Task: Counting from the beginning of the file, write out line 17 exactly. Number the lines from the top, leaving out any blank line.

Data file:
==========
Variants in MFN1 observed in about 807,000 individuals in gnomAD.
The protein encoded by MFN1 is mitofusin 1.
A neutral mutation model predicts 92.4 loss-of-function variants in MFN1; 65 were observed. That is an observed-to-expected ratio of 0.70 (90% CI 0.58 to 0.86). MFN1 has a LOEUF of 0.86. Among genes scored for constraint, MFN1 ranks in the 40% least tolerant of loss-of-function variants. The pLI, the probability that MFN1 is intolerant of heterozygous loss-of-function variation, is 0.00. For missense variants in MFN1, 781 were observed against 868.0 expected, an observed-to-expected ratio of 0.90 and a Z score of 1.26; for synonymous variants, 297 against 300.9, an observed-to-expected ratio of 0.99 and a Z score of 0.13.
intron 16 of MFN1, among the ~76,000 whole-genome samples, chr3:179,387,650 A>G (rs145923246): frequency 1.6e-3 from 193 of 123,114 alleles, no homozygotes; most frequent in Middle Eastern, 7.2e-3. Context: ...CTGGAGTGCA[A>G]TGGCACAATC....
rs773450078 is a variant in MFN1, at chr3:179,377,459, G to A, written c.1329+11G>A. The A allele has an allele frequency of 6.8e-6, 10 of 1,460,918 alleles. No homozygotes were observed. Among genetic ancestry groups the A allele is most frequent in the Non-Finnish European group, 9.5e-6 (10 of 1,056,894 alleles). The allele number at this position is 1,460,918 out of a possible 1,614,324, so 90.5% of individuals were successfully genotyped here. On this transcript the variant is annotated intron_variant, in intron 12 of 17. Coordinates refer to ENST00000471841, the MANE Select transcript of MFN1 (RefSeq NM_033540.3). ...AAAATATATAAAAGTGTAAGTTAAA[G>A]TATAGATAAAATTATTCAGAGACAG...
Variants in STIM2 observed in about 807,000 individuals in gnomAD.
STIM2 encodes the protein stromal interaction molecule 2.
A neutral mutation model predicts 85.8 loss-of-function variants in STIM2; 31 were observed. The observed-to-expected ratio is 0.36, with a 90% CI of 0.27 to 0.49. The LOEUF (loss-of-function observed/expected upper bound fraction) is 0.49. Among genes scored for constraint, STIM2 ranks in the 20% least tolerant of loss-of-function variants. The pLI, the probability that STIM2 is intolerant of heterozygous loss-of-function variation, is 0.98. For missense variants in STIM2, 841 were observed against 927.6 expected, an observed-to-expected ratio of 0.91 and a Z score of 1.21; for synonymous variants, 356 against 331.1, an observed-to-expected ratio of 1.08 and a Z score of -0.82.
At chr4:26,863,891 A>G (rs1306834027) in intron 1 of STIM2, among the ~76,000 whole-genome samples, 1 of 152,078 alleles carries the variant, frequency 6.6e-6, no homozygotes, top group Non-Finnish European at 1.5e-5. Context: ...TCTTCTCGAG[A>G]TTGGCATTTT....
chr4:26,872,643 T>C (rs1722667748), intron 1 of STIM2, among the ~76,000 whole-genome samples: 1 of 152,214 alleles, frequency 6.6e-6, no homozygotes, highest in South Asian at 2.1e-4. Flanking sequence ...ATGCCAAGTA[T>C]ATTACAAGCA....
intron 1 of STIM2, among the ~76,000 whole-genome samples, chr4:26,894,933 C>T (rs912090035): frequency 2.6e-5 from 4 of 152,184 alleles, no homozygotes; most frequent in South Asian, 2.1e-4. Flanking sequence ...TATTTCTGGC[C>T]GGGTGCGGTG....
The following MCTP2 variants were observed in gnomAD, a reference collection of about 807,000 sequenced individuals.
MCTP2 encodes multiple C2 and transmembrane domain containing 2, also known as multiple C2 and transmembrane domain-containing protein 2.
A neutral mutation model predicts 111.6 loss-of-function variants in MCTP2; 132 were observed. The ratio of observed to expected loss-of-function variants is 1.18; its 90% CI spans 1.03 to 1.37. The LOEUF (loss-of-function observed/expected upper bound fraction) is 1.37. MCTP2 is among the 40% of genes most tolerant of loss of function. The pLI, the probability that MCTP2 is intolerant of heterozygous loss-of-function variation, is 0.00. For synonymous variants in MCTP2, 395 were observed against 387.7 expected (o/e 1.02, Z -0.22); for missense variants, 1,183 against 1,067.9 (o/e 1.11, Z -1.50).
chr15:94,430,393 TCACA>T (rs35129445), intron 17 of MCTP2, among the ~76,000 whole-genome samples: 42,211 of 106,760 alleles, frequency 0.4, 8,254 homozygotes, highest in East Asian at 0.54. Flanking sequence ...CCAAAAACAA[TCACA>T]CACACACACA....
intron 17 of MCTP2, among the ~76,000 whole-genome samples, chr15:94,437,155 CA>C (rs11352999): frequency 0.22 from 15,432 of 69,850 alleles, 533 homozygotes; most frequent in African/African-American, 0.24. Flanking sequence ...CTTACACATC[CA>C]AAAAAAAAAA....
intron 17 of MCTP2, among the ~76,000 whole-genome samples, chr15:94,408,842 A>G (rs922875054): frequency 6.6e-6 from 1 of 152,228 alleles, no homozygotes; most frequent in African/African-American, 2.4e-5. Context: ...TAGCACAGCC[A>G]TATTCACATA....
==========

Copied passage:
intron 17 of MCTP2, among the ~76,000 whole-genome samples, chr15:94,408,842 A>G (rs922875054): frequency 6.6e-6 from 1 of 152,228 alleles, no homozygotes; most frequent in African/African-American, 2.4e-5. Context: ...TAGCACAGCC[A>G]TATTCACATA....